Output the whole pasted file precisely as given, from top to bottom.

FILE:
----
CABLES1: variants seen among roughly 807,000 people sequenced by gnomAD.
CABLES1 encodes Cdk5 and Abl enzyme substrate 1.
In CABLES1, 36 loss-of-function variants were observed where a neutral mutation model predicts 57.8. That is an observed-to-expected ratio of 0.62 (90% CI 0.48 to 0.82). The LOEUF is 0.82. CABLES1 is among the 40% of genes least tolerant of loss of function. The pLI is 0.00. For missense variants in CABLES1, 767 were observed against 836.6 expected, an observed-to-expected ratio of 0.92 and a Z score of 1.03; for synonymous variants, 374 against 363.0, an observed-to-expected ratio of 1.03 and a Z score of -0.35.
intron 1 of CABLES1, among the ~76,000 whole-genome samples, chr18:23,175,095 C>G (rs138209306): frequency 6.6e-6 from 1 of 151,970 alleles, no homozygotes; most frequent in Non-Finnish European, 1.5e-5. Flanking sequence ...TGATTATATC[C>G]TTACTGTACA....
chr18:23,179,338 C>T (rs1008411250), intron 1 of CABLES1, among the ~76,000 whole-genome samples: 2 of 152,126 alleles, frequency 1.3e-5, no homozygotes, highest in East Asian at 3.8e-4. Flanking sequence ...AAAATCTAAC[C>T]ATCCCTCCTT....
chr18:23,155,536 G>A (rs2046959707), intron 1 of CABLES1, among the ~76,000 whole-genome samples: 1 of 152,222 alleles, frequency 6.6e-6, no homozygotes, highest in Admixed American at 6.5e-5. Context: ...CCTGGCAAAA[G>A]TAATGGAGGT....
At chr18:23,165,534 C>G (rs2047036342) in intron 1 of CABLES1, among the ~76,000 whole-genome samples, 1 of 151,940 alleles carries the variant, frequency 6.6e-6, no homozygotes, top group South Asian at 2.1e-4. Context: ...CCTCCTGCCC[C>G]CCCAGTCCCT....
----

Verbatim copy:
CABLES1: variants seen among roughly 807,000 people sequenced by gnomAD.
CABLES1 encodes Cdk5 and Abl enzyme substrate 1.
In CABLES1, 36 loss-of-function variants were observed where a neutral mutation model predicts 57.8. That is an observed-to-expected ratio of 0.62 (90% CI 0.48 to 0.82). The LOEUF is 0.82. CABLES1 is among the 40% of genes least tolerant of loss of function. The pLI is 0.00. For missense variants in CABLES1, 767 were observed against 836.6 expected, an observed-to-expected ratio of 0.92 and a Z score of 1.03; for synonymous variants, 374 against 363.0, an observed-to-expected ratio of 1.03 and a Z score of -0.35.
intron 1 of CABLES1, among the ~76,000 whole-genome samples, chr18:23,175,095 C>G (rs138209306): frequency 6.6e-6 from 1 of 151,970 alleles, no homozygotes; most frequent in Non-Finnish European, 1.5e-5. Flanking sequence ...TGATTATATC[C>G]TTACTGTACA....
chr18:23,179,338 C>T (rs1008411250), intron 1 of CABLES1, among the ~76,000 whole-genome samples: 2 of 152,126 alleles, frequency 1.3e-5, no homozygotes, highest in East Asian at 3.8e-4. Flanking sequence ...AAAATCTAAC[C>T]ATCCCTCCTT....
chr18:23,155,536 G>A (rs2046959707), intron 1 of CABLES1, among the ~76,000 whole-genome samples: 1 of 152,222 alleles, frequency 6.6e-6, no homozygotes, highest in Admixed American at 6.5e-5. Context: ...CCTGGCAAAA[G>A]TAATGGAGGT....
At chr18:23,165,534 C>G (rs2047036342) in intron 1 of CABLES1, among the ~76,000 whole-genome samples, 1 of 151,940 alleles carries the variant, frequency 6.6e-6, no homozygotes, top group South Asian at 2.1e-4. Context: ...CCTCCTGCCC[C>G]CCCAGTCCCT....